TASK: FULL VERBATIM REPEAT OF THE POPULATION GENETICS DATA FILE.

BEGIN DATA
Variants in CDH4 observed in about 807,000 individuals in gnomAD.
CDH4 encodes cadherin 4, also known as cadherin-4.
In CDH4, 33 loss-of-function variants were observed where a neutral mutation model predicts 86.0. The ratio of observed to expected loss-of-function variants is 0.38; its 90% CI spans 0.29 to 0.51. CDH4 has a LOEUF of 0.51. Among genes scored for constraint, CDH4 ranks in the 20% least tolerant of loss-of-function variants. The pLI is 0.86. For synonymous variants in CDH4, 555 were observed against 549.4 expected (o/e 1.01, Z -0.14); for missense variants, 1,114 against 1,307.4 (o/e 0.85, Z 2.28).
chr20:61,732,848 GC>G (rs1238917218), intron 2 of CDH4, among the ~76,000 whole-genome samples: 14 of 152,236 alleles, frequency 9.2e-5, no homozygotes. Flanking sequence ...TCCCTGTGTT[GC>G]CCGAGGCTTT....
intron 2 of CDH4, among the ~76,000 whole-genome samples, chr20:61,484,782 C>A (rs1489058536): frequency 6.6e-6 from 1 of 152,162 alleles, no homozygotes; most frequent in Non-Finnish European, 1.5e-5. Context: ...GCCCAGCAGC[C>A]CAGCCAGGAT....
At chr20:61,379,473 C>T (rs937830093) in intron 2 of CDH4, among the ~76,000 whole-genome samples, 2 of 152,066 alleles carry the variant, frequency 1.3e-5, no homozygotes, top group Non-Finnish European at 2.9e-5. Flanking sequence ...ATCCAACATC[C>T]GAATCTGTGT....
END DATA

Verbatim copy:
Variants in CDH4 observed in about 807,000 individuals in gnomAD.
CDH4 encodes cadherin 4, also known as cadherin-4.
In CDH4, 33 loss-of-function variants were observed where a neutral mutation model predicts 86.0. The ratio of observed to expected loss-of-function variants is 0.38; its 90% CI spans 0.29 to 0.51. CDH4 has a LOEUF of 0.51. Among genes scored for constraint, CDH4 ranks in the 20% least tolerant of loss-of-function variants. The pLI is 0.86. For synonymous variants in CDH4, 555 were observed against 549.4 expected (o/e 1.01, Z -0.14); for missense variants, 1,114 against 1,307.4 (o/e 0.85, Z 2.28).
chr20:61,732,848 GC>G (rs1238917218), intron 2 of CDH4, among the ~76,000 whole-genome samples: 14 of 152,236 alleles, frequency 9.2e-5, no homozygotes. Flanking sequence ...TCCCTGTGTT[GC>G]CCGAGGCTTT....
intron 2 of CDH4, among the ~76,000 whole-genome samples, chr20:61,484,782 C>A (rs1489058536): frequency 6.6e-6 from 1 of 152,162 alleles, no homozygotes; most frequent in Non-Finnish European, 1.5e-5. Context: ...GCCCAGCAGC[C>A]CAGCCAGGAT....
At chr20:61,379,473 C>T (rs937830093) in intron 2 of CDH4, among the ~76,000 whole-genome samples, 2 of 152,066 alleles carry the variant, frequency 1.3e-5, no homozygotes, top group Non-Finnish European at 2.9e-5. Flanking sequence ...ATCCAACATC[C>T]GAATCTGTGT....